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Canadian Contraception Consensus Chapter 4 Natural Family Planning

        The French version of this article is available as supplementary matter.
        NFP refers to methods of contraception that do not rely upon medical devices, compounds, or drugs. There are a range of NFP contraceptive strategies including FAB methods, lactational amenorrhea, withdrawal, and abstinence from penile–vaginal intercourse.
        • World Health Organization
        Improving access to quality care in family planning: medical eligibility criteria for contraceptive use.
        Health care providers may underestimate the effectiveness of these methods
        • Choi J.
        • Chan S.
        • Wiebe E.
        Natural family planning: physicians’ knowledge, attitudes, and practice.
        or may not be familiar with how to appropriately counsel women or couples who wish to use NFP methods.

        FERTILITY AWARENESS-BASED METHODS

        FAB methods rely upon the knowledge that virtually all conceptions arise from intercourse that occurs from 5 days before to 1 day following ovulation.
        • Wilcox A.J.
        • Weinberg C.R.
        • Baird D.D.
        Timing of sexual intercourse in relation to ovulation. Effects on the probability of conception, survival of the pregnancy, and sex of the baby.
        FAB methods of contraception rely upon avoiding unprotected intercourse during this “fertile window,” and can be used in combination with abstinence or barrier methods during the fertile time.
        The fertile window can be identified by one of 2 means: by symptoms and signs of ovulation (the cervical mucus method, the symptothermal method, and the two-day method) or by calendar calculations of the fertile days (and SDM).

        Effectiveness

        It is challenging to calculate an accurate estimate of the effectiveness of FAB. With perfect use, the 1-year pregnancy rates are 0.4% for the symptothermal method and 4% and 5% for the standard days and two-day methods, respectively. With typical use, however, the 1-year pregnancy rate for all FAB methods is estimated to be 24%.
        • Trussell J.
        Contraceptive failure in the United States.
        When NFP methods are not adhered to and intercourse takes place during the fertile window, the risk of conception from a single contraceptive failure is high. Failure rates are affected by several known and suspected factors, including motivation on the part of both partners to avoid pregnancy, belonging to a country of origin where FAB methods are practised more widely, health care provider knowledge, quality of teaching given to women, coital frequency, and method of contraception used during the fertile window (abstinence vs. withdrawal vs. barrier method).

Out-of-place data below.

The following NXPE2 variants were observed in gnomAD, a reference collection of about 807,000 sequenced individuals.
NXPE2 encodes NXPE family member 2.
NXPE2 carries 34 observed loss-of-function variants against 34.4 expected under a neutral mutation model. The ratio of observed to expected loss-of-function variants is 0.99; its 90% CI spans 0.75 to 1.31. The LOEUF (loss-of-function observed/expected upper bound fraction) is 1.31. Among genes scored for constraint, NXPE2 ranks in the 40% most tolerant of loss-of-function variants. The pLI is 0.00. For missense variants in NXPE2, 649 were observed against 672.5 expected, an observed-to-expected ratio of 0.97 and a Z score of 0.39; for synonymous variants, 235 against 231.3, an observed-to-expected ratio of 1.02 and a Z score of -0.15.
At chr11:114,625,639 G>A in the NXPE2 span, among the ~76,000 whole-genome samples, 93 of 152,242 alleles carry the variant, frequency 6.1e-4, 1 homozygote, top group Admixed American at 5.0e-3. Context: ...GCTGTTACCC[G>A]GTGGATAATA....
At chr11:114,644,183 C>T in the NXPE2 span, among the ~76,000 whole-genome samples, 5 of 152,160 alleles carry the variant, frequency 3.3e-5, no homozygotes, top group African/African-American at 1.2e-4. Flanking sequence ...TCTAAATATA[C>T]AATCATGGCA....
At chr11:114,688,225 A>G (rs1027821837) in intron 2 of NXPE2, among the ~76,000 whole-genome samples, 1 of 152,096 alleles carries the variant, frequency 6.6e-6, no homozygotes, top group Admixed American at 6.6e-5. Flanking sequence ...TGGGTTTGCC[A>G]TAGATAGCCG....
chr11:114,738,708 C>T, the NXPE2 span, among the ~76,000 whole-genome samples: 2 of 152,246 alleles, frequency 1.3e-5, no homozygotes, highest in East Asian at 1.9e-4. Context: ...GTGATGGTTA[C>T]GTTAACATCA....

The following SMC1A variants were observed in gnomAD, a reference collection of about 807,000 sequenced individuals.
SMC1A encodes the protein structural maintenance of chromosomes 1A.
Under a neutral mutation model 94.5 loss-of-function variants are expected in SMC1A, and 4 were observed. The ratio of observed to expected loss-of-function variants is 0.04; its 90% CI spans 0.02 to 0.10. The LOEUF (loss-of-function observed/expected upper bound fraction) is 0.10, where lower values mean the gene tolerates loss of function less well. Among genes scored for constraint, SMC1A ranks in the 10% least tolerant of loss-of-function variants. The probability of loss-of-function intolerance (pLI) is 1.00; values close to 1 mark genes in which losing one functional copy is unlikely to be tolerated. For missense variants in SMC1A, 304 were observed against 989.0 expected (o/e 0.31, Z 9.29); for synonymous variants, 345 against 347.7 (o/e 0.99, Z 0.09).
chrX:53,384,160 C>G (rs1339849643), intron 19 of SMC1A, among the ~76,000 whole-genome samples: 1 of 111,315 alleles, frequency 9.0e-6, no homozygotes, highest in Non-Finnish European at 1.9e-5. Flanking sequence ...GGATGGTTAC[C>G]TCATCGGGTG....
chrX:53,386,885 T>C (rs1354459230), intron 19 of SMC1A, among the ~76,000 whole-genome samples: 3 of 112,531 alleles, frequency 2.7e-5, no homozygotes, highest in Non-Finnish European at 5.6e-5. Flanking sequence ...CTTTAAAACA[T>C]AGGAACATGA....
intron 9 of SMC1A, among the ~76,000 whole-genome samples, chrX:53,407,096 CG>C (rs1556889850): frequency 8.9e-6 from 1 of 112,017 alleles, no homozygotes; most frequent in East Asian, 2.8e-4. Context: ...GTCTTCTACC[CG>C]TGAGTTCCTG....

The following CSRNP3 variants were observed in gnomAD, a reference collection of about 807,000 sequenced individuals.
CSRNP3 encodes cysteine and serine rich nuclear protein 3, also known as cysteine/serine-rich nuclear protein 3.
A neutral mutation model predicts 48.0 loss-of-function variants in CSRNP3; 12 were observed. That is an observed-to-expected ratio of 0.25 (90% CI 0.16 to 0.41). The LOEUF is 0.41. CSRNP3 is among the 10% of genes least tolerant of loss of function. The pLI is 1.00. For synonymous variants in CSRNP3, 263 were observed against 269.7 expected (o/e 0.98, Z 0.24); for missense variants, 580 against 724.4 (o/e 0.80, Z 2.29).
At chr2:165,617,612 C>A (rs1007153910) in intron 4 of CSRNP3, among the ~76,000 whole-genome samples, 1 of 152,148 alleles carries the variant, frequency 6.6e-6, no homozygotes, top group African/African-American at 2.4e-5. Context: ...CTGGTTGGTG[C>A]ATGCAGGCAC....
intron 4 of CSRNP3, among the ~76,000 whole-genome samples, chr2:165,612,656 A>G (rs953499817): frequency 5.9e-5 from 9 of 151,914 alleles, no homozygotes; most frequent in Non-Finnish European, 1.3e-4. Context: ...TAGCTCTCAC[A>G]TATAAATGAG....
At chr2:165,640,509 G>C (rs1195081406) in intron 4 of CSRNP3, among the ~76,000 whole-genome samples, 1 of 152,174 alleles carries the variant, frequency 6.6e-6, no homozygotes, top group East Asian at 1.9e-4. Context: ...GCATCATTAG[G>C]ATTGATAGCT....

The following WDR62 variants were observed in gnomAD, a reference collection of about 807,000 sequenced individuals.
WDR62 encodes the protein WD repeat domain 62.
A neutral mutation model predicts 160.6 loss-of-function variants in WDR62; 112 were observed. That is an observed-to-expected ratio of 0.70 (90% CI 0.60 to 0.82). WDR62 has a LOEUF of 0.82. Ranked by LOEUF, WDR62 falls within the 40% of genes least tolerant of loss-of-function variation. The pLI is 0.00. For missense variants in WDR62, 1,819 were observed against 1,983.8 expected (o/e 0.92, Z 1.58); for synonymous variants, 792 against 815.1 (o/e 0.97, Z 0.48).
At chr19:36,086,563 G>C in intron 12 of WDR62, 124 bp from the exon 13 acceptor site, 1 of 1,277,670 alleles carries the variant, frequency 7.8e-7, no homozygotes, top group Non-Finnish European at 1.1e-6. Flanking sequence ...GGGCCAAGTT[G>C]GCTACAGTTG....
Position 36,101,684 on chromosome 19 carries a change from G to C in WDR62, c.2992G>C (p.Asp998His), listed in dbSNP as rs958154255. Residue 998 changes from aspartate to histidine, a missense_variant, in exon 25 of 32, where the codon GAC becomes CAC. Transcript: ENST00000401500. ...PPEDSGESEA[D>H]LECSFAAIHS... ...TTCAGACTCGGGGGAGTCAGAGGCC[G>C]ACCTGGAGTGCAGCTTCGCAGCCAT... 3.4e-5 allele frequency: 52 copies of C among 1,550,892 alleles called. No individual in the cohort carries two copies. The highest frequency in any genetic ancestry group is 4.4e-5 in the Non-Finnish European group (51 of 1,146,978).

• Fehring R.J.
        • Schneider M.
        • Barron M.L.
        • Pruszynski J.
        Influence of motivation on the efficacy of natural family planning.
        • Freundl G.
        • Sivin I.
        • Batar I.
        State-of-the-art of non-hormonal methods of contraception: IV Natural family planning.
        One-year continuation rates are low
        • Trussell J.
        Contraceptive failure in the United States.
        and 5% to 62% of couples using FAB methods report difficulty with mandated abstinence.
        • World Health Organization
        A prospective multicenter trial of the ovulation method of natural family planning. V. Psychosexual aspects. World Health Organization.

        Mechanism of Action

        The mechanism of action of FAB methods is to avoid UPI when there is a high probability of fertilization.

        Initiation

        For all FAB methods, women and their partners must be educated about the fertile window and given specific instructions on how to use the method.

        Standard Days Method

        This method requires avoiding unprotected sexual intercourse on days 8 to 19 of the menstrual cycle in women who have a menstrual cycle from 26 to 32 days in length.
        • Arevalo M.
        • Jennings V.
        • Sinai I.
        Efficacy of a new method of family planning: the standard days method.
        • Centers for Disease Control and Prevention
        U.S. medical eligibility criteria for contraceptive use, 2010.